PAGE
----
Last week, we did something absolutely serious and completely silly. We dressed up as pirates, and brought a time machine to a tech conference. And would you believe it – the response we got was overwhelming.
Now, you may wonder why the hell we'd take a moment to tell you about our adventure. One of the things many online companies struggle with is how to have impact in the real world. Events can be great to test your idea, but it's also hard to stand out from the rest of the exhibitors. It's especially hard to make an impact at bigger events when a massive number of companies are clamoring for the same eye balls and talk-time.
Well, we've been attending different conferences over the past few months and have watched our shenanigans evolve into an exhibition people want to be a part of and that still makes total sense. Here’s what we’ve learned so far.
Sometimes you have crazy idea’s remain just that - a crazy idea. But every now and then, one of those crazy ideas actually seems to work. And very occasionally it works brilliantly. In our case we chose to build a time machine, specifically a TARDIS (Time and relative dimension in space). We spent about a week with our team in a woodworking shop and created a life size Dr. Who TARDIS.
The point of the TARDIS? To take people for a quick one-on-one session where we got them thinking about their future and what they would want from it. Then we discussed that and without any kind of sales pitch just chatted about it.
Once you choose an idea execute it well enough that you know people will smile – either at your creation or at your stupidity – you've just made magic happen. The key is for people to stop, look at your creation and give them the opportunity to start a dialogue.
We built the TARDIS to draw attention - and even though it certainly wasn't perfect that's exactly what it did. It got people to chat with us. The sessions in the TARDIS needed a little bit of work - but soon enough because the setting was so strange we did start to have super interesting insights into how people think and what they expect from the future.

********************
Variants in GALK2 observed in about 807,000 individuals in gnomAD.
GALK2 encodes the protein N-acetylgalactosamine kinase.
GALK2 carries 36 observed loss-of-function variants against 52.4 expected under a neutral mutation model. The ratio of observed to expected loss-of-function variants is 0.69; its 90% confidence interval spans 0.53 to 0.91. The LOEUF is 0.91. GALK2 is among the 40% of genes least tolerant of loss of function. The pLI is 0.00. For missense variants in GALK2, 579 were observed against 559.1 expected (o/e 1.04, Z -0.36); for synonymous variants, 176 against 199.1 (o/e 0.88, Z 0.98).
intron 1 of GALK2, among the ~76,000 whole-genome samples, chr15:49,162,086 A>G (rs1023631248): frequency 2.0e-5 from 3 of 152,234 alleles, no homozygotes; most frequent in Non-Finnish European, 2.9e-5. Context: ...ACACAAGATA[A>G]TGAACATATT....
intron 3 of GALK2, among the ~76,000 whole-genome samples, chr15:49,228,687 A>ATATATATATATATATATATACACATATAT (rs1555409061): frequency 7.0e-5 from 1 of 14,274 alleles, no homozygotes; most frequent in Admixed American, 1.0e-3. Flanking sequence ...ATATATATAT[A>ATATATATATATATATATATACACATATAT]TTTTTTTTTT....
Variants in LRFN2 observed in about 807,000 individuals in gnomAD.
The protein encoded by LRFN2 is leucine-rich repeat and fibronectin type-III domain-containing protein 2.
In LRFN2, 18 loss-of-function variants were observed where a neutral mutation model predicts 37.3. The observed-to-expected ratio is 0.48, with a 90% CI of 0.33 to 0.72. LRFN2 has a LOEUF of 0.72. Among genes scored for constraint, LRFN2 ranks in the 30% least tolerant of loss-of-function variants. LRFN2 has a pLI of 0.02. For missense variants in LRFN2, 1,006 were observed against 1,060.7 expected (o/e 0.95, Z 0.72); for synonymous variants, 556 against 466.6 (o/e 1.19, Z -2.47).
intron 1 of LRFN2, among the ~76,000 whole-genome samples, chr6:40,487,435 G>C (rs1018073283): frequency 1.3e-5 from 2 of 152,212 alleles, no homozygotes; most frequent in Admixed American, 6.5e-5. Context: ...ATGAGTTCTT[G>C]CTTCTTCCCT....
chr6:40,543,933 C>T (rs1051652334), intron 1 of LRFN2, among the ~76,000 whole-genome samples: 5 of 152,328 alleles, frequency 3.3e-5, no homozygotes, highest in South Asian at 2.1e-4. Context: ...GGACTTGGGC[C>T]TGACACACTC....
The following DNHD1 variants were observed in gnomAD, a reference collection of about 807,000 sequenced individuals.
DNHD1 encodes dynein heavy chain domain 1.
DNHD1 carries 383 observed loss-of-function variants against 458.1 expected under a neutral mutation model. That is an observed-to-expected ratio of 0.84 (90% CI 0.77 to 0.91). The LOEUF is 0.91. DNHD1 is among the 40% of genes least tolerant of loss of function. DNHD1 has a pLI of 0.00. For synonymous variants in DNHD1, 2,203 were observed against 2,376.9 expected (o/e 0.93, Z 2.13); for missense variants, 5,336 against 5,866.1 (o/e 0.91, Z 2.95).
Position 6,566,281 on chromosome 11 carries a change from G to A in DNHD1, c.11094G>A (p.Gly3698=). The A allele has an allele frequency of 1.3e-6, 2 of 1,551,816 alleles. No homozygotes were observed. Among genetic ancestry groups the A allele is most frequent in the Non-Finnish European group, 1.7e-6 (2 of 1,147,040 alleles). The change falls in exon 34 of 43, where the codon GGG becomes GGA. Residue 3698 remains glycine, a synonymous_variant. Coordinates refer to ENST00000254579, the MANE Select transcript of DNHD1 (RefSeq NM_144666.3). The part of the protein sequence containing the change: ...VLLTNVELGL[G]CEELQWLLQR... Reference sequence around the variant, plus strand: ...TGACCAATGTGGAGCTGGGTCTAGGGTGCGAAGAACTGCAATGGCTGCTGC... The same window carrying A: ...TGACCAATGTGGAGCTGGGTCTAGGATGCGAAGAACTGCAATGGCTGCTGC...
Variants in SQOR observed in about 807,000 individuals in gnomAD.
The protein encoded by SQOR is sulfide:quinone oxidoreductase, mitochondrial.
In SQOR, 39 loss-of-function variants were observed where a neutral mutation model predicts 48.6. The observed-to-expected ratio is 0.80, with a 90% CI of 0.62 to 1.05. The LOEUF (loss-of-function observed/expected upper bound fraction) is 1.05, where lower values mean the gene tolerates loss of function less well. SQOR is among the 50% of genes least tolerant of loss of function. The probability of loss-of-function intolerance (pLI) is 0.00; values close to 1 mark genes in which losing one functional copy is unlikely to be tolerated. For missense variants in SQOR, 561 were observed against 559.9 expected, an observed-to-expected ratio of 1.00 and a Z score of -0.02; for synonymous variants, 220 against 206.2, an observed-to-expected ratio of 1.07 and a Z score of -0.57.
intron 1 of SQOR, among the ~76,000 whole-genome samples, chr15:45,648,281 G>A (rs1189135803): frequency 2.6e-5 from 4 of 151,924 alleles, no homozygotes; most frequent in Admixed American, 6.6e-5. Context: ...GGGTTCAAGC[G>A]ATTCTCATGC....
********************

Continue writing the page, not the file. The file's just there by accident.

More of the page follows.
Once you have a dialogue going, you can drive home the value. We actually took a deep dive into our metaphor of time travel. Within no-time, we had created a whole new type of experience where we took visitors into the TARDIS to meet their future them. Then their future them would explain how they achieved more of what it was they wanted to achieve.
Sure, it sounds absolutely bonkers. But you'd be surprised at the insights people had when they just took 10 minutes and a shot of rum to think about where, and who, they wanted to be.
This one is especially important. It really doesn’t have to be a pirate, you can be batman for all we care. The point is that nothing helps more than dressing up silly to give people an excuse to start a conversation. Before you know it you’ve sold another 3 accounts to your super awesome product.
There’s a super normal principle at work here – playing dress-up can break the ice even in the most uncomfortable situation. Add some well-chosen weirdo accessories to take the heat of your pitching, and you'll keep chatting before you know it. And even if you're not pitching the whole time, you bet you'll be having more interesting conversations.
In the end, it's all about listening. Whether it's your customer or your friend, but listening is the active other part of a conversation. Yeah it's a little bit cliché, but let other people (attendee’s) talk and listen to their stories - it’s quite refreshing at a conference where most people are trying to talk to you about their product, service, startup or ¯\_(ツ)_/¯.
Sure, playing steampunk pirate is fun, but what could it possibly have to do with our core-business? Well, it turns out it had everything to do with it.
At pr.co we believe that if you want to be perceived in a particular way, you need to be thinking about how you want your company to be perceived in the future. You start with a purpose, that's what you're really about. And it's in that purpose that you will find the interesting stories that people will want to listen to. Then you execute towards that goal, and within a few years you'll be exactly where you want to be. We built a TARDIS to execute a more personal version of this, and we heard people create the most interesting stories.